I’m a writer, a lawyer, a bookseller, and an amateur musician. I invite you to read the articles on these pages, and I hope you’ll also read my new book The Circle of Thirteen. Let me know how you feel about the issues raised. Thanks for taking the time to browse through this website. Bill Petrocelli
Book News: KQED FM with Michael Krasny -
I will be on the KQED Forum in San Francisco with Michael Krasny on Tuesday, December 10, at 10:00 am. Call in toll-free with your questions at (866) 733-6786 or email email@example.com
Book News: Video of Bill Petrocelli with Isabel Allende -
When Isabel Allende volunteered to be in conversation with me for The Circle of Thirteen on Sunday, October 13, at Book Passage, I knew I was in for something special.
I didn’t know how special until I heard one of the first sentences out of her mouth: “Who knew that Bill Petrocelli was a bigger feminist than Gloria Steinem!” Wow! (Did anyone ask Gloria Steinem how she feels about that?).
With a beginning like that, how could the event not be special. My very deepest thanks to Isabel for such a gracious interview.
You can see it here:
The 21st annual Book Passage Mystery Writers Conference is July 24-27 at Book Passage in Corte Madera, California. I will be on the faculty along with some other great mystery writers. I hope to see you there.
I’m a little biased (since I’m a co-owner of Book Passage), but this is the best writing conference of its kind — anywhere. The Mystery Writers Conference is now in its 21st year, and it is bigger and better than ever. The faculty this year includes an outstanding array of mystery writers and other publishing and crime-fighting professionals, including Anne Perry, John Lescroart, Laurie King, Tom Rob Smith, Isabel Allende, Cara Black, and Valerie Plame. The Conference is chaired by Jacqueline Winspear and Sheldon Siegel. You’ll also meet such outstanding writer-teachers as David Corbett and D.P. Lyle, not to mention the legendary mystery publisher and bookseller Otto Penzler. And that’s just the beginning. Read more →
This is taken from a speech that I gave to the League of Women Voters of Marin County at Sausalito, California, on April 17, 2014. This article appeared on Huffingtonpost.com on April 27, 2014
What’s the most important thing men can do for themselves? The answer seems clear to me: work for the empowerment of women.
For the last 20 years I’ve described myself as feminist. This sometimes raises eyebrows. Women occasionally look at me skeptically, thinking maybe I’ve grabbed a phrase that I know little about. Men often take it as an indication that I’ve abandoned the “team” – some probably think I’m using it as a pick-up line. And, of course, I started describing myself as a feminist just about the time that the popular media gave up on the term and moved on to something else.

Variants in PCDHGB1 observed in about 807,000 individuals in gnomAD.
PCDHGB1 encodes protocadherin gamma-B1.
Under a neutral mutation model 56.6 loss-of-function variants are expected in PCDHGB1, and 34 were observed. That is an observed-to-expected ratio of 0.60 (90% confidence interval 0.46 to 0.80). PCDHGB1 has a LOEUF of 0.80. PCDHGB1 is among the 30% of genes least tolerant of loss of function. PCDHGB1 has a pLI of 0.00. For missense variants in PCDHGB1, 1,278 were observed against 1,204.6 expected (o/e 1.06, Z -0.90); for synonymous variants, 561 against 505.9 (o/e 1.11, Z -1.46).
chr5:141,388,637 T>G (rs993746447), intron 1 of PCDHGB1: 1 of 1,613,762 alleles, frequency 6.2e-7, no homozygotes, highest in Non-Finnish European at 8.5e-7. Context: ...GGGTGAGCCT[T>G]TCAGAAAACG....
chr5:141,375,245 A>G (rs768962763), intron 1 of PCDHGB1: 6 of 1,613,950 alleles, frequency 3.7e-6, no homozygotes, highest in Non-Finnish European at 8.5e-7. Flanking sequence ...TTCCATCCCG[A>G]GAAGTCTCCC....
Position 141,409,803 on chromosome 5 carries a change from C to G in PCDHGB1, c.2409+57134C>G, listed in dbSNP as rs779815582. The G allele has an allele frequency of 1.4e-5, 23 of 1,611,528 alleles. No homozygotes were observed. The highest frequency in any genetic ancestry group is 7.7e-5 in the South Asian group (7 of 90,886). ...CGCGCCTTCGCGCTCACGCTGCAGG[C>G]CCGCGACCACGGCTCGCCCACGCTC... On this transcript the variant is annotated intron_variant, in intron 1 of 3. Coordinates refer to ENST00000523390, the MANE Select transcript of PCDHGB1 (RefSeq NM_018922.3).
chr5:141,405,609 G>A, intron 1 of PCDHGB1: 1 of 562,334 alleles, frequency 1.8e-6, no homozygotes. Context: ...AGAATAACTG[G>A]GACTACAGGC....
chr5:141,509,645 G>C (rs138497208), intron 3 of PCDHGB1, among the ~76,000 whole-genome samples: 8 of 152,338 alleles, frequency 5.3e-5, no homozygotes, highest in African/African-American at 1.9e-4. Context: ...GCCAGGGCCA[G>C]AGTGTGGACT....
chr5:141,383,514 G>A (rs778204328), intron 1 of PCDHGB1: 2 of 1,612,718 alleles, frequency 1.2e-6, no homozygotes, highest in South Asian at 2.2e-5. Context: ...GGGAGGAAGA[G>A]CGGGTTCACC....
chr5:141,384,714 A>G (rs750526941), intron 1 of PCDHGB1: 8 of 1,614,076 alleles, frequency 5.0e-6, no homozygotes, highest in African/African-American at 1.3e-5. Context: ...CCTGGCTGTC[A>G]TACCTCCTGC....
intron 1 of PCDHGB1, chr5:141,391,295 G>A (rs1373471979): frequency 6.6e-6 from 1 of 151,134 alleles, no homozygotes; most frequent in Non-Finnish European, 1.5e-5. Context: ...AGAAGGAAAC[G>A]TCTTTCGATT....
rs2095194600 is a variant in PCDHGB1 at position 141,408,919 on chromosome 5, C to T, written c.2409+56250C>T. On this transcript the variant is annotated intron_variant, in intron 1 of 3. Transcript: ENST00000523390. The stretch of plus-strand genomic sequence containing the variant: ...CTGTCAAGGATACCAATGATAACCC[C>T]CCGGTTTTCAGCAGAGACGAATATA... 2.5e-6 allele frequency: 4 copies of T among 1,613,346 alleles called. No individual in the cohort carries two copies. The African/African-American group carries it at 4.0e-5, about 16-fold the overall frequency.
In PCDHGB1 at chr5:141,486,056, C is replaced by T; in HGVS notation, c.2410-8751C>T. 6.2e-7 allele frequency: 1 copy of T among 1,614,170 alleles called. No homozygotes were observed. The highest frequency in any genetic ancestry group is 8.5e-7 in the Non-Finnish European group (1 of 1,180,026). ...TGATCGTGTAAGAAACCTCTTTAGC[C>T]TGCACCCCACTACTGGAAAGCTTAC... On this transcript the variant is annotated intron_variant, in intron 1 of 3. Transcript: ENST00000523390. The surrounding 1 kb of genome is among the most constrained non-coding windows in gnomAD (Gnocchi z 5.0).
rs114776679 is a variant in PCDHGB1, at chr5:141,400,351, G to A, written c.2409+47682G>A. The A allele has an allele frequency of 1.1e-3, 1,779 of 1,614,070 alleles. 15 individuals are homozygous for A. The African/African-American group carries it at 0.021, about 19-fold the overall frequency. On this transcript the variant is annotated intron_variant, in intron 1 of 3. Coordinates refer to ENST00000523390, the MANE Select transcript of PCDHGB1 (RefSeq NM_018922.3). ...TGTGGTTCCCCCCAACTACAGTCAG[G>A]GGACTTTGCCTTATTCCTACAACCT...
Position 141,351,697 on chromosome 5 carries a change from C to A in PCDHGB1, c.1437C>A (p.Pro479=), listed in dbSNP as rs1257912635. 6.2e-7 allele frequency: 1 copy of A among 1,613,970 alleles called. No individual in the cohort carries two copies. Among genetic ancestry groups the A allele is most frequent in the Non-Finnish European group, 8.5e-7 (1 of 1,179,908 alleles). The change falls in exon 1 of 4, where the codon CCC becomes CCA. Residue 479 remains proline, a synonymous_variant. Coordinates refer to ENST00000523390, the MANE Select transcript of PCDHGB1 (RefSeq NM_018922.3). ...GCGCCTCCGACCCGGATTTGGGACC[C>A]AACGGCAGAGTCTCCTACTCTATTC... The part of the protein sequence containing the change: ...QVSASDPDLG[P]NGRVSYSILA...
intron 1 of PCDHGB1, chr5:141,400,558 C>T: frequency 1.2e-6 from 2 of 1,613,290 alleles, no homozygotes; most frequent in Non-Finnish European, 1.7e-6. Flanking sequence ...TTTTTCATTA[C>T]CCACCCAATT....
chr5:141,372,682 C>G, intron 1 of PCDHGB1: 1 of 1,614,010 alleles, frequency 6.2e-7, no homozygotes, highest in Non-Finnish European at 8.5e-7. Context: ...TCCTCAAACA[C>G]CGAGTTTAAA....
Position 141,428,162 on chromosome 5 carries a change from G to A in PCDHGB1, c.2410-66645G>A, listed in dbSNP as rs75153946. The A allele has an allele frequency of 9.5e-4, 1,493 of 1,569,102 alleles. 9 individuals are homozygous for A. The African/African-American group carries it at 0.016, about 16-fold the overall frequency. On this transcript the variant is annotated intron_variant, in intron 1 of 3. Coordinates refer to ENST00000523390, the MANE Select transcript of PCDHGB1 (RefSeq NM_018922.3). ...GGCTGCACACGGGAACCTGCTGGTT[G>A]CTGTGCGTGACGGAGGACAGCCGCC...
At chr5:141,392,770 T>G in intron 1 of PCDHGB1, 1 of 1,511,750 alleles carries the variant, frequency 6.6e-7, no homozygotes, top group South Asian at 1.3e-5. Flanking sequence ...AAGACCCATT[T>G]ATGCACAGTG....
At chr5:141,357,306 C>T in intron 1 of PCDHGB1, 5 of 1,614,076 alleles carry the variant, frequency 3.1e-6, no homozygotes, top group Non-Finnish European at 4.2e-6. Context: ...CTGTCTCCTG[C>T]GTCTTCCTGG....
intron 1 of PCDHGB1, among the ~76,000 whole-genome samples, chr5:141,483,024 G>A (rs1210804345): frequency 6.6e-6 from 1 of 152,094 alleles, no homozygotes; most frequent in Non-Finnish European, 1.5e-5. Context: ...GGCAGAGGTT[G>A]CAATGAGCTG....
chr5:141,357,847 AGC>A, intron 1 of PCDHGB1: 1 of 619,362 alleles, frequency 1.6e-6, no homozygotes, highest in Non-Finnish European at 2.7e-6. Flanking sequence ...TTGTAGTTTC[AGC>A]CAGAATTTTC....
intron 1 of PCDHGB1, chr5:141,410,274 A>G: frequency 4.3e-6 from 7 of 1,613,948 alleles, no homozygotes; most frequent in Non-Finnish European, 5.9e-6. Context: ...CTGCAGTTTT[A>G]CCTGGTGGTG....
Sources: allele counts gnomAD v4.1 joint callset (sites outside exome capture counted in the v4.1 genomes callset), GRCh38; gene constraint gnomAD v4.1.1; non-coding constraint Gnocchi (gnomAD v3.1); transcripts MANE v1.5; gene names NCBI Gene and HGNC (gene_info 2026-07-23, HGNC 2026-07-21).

Nevertheless, I’ve reached the point where feminism has become the intellectual framework that I look to first in analyzing political, economic, and social issues. I find that it cuts through a lot of misinformation and distraction and gets to the core of a problem. The reason is simple. The empowerment of women is crucial to solving a lot of seemingly unrelated problems that are as important to men as they are to women. Read more →
This is a reprint of an article that I wrote for Huffingtonpost.com on March 4, 2014
Years ago, the only way to get published was to type the manuscript, send it to a publisher, and hope for the best. But book publishing has changed significantly. There are more opportunities — and many more pitfalls. Here are seven basic questions that authors should ask themselves.
1. Is The Manuscript Ready?
Every book needs to go through at least one other set of eyes before it is sent to a publisher or an agent. A publisher may edit a book later on, but the most important editing is done before the publisher gets it. If the manuscript doesn’t reflect your best writing, the book may never see the light of day.
Think of editing as a three-step process. The first step is you — the writer. Put the manuscript down for a few weeks and then read it again as if you’d never seen it before. Read it out loud, if necessary. Do the sentences flow? Is the research tucked away safely in a corner where it won’t slow down the reader? Pay attention to the narrative voice. With a full-length book, you’re asking the reader to spend several days with you. Does the voice behind the text sound like a comfortable companion?
The second step involves a trusted friend or writing group — trusted, as well as sensitive. There’s nothing more fragile than an author’s ego, so you want someone who can give you good advice without destroying your self-confidence.
The third step is the services of a professional editor. This editor should critique the structure of the book, offer alternatives, and suggest revisions. If you skip this step, thinking the publisher will pay for editing later on, you may never get to that later stage. Read more →